Bismarck, N.D.—Dr. Frank Rohwer has a warning for duck hunters: The conditions that produced the remarkable fall flights of recent years won’t last forever, and that means fewer ducks down the road.
“Duck production is the furthest thing from hunters’ minds right now,” admits Rohwer, a professor at Louisiana State University’s School of Renewable Natural Resources. “Duck populations are high and hunters are laughing. But if we lose the Conservation Reserve Program’s nesting cover and the prairie breeding grounds go dry, duck numbers will plunge, and hunter and managers alike will be asking what we can do for ducks.”
Fortunately Rohwer, who doubles as director of Delta Waterfowl’s scientific research program, believes he has the answer: intensive management techniques like predator management, artificial nesting structures and conservation programs that protect small wetlands.
In recent years, waterfowl scientists have been forced to acknowledge a dramatic shift in duck distribution from the Canadian prairies to the U.S. side of the breeding grounds, a trend that continued the last two breeding seasons.
The shift occurred because CRP provided 5 million acres of lush nesting cover and productive wetlands in North and South Dakota, while in Canada wetland losses are ongoing, and large, undisturbed blocks of grass nesting cover are scarce.
Delta research has found hatch rates in prairie Canada commonly below five percent. Key production areas such as Minnedosa, Manitoba are consistently less than three percent, well below the necessary 15 percent needed to maintain populations.
As a result, the U.S. has been attracting mallards, pintails, blue-winged teal, gadwalls and shovelers at a rate far above historical levels, while prairie Canada has struggled to keep pace with its long-term average for most of the upland-nesting species.
Rohwer, himself an avid waterfowl hunter, doesn’t hide his concern about what’s coming as CRP acres are put into agricultural production. At the current rate of CRP loss, North and South Dakota will slip to around 1.5 million acres by 2013.
“We can’t give up on CRP,” he says. “Hunters must press Congress to maintain a viable program. It is simply critical to waterfowl, pheasants, and lots of other wildlife. But looking into my crystal ball, with commodity prices as high as they are and the current debates over federal spending, I don’t know if CRP will continue to have the impact it has had over the last two decades.”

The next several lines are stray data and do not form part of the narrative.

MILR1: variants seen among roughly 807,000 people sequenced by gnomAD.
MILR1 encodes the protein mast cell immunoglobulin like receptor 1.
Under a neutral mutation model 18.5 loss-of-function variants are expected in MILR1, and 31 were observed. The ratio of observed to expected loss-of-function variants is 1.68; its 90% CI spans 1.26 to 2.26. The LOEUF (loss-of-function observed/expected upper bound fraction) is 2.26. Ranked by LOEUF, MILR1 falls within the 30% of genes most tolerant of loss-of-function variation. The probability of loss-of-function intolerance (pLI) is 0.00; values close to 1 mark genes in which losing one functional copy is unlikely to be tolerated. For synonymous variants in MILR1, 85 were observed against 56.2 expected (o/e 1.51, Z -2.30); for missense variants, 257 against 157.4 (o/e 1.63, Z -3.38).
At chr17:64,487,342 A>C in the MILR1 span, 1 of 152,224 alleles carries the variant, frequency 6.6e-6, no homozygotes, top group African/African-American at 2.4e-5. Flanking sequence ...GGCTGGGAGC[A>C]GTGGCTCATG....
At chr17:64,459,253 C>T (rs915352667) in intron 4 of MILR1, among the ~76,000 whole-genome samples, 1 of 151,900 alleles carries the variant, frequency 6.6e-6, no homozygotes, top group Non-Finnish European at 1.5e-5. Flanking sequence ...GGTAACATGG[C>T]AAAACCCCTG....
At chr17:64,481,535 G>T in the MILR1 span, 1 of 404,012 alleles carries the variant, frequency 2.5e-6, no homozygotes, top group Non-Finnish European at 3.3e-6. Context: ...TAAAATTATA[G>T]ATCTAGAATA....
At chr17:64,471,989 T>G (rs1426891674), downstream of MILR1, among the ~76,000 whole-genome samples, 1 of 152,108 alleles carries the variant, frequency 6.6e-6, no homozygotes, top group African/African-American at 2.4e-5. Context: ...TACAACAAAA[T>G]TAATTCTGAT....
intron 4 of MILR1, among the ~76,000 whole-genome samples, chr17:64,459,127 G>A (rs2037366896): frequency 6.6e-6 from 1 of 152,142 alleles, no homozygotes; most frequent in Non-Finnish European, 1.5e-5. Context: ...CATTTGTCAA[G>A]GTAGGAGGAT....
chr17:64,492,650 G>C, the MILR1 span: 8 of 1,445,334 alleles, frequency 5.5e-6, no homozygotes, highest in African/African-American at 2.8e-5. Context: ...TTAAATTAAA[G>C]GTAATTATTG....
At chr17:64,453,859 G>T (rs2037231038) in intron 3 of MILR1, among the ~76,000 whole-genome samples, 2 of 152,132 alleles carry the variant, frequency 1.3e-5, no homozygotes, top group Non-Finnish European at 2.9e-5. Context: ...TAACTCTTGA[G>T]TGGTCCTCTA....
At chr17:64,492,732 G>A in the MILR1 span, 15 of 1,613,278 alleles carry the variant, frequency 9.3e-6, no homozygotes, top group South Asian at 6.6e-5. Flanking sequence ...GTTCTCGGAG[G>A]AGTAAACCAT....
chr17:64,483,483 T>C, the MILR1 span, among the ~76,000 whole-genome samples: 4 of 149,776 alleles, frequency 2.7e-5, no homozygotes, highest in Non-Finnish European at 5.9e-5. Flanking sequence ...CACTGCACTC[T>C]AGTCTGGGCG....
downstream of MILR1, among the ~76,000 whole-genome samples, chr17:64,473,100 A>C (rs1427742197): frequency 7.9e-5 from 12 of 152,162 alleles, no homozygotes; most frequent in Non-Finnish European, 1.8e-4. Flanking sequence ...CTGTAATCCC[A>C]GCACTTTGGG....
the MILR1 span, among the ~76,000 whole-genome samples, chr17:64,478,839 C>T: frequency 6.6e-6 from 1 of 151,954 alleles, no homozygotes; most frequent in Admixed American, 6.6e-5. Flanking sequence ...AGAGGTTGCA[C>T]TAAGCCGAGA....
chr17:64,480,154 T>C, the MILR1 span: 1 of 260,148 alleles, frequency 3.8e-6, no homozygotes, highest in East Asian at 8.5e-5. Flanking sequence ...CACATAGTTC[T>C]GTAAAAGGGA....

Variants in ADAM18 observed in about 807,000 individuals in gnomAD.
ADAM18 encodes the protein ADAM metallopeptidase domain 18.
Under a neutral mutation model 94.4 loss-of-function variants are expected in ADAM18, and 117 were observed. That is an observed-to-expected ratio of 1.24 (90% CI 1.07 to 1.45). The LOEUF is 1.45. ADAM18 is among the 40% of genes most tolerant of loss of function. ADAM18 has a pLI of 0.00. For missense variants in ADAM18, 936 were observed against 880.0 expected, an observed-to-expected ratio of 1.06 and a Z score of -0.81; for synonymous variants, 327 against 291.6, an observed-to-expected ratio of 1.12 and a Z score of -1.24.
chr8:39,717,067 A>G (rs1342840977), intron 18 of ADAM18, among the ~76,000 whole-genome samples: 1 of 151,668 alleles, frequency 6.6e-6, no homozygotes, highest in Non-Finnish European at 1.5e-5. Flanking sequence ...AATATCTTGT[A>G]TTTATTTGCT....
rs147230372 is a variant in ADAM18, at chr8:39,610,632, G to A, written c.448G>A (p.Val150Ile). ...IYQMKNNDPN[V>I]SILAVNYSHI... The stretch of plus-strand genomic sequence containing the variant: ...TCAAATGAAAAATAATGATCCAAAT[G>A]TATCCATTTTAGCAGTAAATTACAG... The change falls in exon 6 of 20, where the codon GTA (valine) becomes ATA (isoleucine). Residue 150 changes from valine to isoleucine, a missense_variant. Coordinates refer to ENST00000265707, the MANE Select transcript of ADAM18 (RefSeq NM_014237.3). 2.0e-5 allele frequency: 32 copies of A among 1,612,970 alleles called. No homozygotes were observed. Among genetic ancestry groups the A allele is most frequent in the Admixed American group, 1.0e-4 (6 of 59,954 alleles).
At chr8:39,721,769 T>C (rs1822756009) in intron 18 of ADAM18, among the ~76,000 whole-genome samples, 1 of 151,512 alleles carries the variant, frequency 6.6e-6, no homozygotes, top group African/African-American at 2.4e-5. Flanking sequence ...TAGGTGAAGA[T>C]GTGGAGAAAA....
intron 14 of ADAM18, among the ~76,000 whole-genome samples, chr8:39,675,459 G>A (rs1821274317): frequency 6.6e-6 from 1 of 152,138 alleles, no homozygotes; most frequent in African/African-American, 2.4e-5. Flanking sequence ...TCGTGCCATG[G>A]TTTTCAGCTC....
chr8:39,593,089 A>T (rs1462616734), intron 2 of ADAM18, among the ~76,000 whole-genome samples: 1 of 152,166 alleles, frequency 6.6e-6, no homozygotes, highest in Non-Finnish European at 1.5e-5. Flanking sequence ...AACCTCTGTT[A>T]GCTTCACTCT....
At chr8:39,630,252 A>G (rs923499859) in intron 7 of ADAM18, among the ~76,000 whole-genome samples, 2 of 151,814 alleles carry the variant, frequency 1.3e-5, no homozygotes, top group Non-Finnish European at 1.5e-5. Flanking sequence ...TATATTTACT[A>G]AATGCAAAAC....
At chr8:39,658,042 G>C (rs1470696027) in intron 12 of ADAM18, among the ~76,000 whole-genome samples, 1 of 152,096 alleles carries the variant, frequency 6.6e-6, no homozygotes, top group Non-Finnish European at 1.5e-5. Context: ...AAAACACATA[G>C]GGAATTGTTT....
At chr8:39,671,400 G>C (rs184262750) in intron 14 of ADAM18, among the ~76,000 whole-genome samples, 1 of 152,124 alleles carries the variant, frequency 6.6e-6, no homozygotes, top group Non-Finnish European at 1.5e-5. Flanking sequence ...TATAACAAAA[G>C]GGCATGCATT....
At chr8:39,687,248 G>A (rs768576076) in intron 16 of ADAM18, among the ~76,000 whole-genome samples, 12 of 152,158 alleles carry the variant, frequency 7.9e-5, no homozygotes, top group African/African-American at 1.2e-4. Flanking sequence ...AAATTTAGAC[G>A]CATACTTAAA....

Lacking large blocks of undisturbed CRP cover, intensive management, like predator control, might be the most important tool in the waterfowl manager’s kit. Delta began managing predators in the 1994 breeding season, and it quickly proved to be an effective technique for boosting sagging nest success. But as the duck population expanded, thanks to CRP and unusually wet conditions, subsequent studies showed that ducks didn’t need any help in those areas. That is why Delta switched its predator management research to areas of low grass.
“Ducks have done so well in areas with CRP that nesting hens simply don’t need a helping hand,” says Rohwer, “but ducks are struggling in many areas and in a couple years, we may not have any choice–low grass sites will be all that’s left.”
In 2009 and 2010 Delta shifted its efforts in North Dakota to areas that continued to attract high densities of nesting ducks but had relatively little (10 percent or less) grass nesting cover. Research also shifted to prairie Canada, where nest success is consistently low.
The results of those two years were impressive, with 28.3 percent nest success for ducks nesting in trapped areas compared to 6.4 percent for sites that had similar cover but were not trapped.
In 2011, one North Dakota site saw higher nest success on the trapped block: 35.5 percent versus 10.2. The second location, however, showed very different results. The trapped blocks came in with a 47 percent nest success. But the control, or non-trapped site, enjoyed a whopping 64.1 percent success rate.
“It was the most amazing thing I’ve ever seen,” says Rohwer. “That site shows what we’ve known for a decade: that you’ll get incredible variation in nest success from one site to another, and from year to year.
“We know from our trap sites that ducks respond to one another during the breeding season. If there’s a safe piece of ground, you’ll see a buildup of ducks nesting there because they’re keying on the other ducks using that spot.
“This area was two pieces of grass that were totally isolated–nothing but black dirt for miles in every direction. I guess there was no reason for predators to go there, and the buildup of nesting ducks was remarkable.”
Delta also trapped Manitoba the last two years. In Minnedosa, the trapped block enjoyed 49.5 percent nest success to just 2.5 percent on a non-trapped control site in 2010, and 32.7 to 0.5 in 2011.
At the Shoal Lake site, nest success was 37 percent trapped versus 3.6 non-trapped in 2010. In 2011, however, the trapped site was only 6.9 percent compared to 5.2 percent at the control site.
Says Rohwer: “The unprecedented flooding in Manitoba caused havoc with the Shoal Lake site. The trapper couldn’t get around and our students had a hard time nest searching. But that’s why we do the research and that’s why we do this work over many sites for many years, to get a solid answer.”
Delta plans to continue its predator management in 2012 on the same sites. Average nest success over the span of three years of evaluation in North Dakota is 32.6 percent nest success on trapped sites versus 16.7 percent nest success on non-trapped sites. In Manitoba, nest success on predator removal sites has averaged 31.5 percent nest success. The non-trapped sites averaged 3 percent over two years of evaluation.